Chronic activation of proinflammatory caspase-1 in the retinas of diabetic animals and patients in vivo and retinal Müller cells in vitro is well documented. In this study we characterized how elevated glucose and extracellular purines contribute to the activation of caspase-1 in a cultured rat Müller cell (rMC-1) model. The ability of high glucose (25 mM, 24 h) to activate caspase-1 was attenuated by either apyrase, which metabolizes extracellular ATP to AMP, or adenosine deaminase (ADA), which metabolizes extracellular adenosine to inosine. This suggested that autocrine stimulation of ATP-sensing P2 receptors and adenosine-sensing P1 receptors may in part mediate the response to high glucose. Exogenous ATP, 5′-N-ethylcarboxamido-adenosine (NECA), a nonselective P1 receptor agonist, or forskolin (FSK) increased caspase-1 activity in rMC-1 cells cultured in control glucose (5 mM) medium. Accumulation of active caspase-1 was also increased by dipyridamole, which suppresses adenosine reuptake. High-glucose stimulation of caspase-1 was attenuated by suramin, a nonselective P2 antagonist, or A2 adenosine receptor antagonists, but not by antagonism of P2X7 ATP-gated ion channel receptors. Although high glucose increased P2X7 mRNA, neither P2X7 protein nor function was detected in rMC-1 cells. The increased caspase-1 activity stimulated by high glucose, FSK, NECA, or ATP was correlated with increased gene expression of caspase-1 and thioredoxin-interacting-protein (TXNIP). These findings support a novel role for autocrine P1 and P2 purinergic receptors coupled to cAMP signaling cascades and transcriptional induction of caspase-1 in mediating the high-glucose-induced activation of caspase-1 and secretion of IL-1β in a cell culture model of nonhematopoietic retinal Müller cells.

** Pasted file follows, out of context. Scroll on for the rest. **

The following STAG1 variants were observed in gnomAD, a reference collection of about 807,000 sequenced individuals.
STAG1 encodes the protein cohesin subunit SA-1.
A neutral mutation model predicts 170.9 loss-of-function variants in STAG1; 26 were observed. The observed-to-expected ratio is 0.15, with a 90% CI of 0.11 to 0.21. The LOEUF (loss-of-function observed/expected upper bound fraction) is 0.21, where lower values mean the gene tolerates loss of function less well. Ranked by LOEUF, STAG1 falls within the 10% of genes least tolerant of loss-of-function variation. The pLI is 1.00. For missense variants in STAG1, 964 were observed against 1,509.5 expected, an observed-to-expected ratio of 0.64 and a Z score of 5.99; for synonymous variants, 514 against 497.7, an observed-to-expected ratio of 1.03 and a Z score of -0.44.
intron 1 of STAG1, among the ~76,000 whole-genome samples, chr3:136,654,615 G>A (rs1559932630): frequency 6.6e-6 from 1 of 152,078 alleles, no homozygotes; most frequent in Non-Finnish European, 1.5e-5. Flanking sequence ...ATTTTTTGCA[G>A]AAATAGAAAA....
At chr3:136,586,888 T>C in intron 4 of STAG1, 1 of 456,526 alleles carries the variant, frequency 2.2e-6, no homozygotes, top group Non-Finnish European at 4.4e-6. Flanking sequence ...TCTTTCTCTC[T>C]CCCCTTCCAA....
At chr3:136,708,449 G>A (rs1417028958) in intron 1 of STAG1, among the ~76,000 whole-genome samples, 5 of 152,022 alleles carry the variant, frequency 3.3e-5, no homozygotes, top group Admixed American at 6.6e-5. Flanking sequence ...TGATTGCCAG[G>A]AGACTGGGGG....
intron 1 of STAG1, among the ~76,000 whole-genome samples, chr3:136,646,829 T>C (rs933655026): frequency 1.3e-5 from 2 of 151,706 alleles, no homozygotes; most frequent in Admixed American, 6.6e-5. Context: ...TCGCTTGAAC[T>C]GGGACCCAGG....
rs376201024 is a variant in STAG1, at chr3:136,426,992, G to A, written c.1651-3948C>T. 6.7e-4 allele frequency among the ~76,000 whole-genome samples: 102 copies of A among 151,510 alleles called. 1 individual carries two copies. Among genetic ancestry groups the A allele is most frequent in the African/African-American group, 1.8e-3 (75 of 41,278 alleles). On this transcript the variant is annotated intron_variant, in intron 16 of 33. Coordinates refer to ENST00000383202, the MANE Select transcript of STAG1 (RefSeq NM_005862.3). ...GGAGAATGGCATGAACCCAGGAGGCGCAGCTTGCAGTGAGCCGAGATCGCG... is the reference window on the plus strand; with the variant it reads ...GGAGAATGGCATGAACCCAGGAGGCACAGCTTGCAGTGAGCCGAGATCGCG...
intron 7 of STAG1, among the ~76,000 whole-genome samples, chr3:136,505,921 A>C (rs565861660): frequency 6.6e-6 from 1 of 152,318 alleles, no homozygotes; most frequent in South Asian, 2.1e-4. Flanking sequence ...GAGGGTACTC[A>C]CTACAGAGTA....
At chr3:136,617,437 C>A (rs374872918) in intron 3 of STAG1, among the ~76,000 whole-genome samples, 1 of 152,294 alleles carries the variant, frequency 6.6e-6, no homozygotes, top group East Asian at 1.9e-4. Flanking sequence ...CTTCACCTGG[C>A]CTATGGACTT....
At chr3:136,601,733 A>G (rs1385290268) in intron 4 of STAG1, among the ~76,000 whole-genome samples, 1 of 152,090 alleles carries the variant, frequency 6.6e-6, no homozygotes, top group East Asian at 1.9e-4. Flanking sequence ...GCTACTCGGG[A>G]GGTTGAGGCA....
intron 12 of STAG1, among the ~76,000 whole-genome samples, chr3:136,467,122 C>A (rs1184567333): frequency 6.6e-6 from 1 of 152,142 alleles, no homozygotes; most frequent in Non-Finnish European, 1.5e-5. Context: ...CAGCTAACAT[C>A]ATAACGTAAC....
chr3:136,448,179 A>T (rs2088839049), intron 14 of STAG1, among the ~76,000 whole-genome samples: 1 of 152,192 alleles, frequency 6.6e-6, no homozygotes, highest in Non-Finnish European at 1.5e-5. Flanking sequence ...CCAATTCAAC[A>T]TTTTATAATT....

- sterile inflammation
- purinergic signaling
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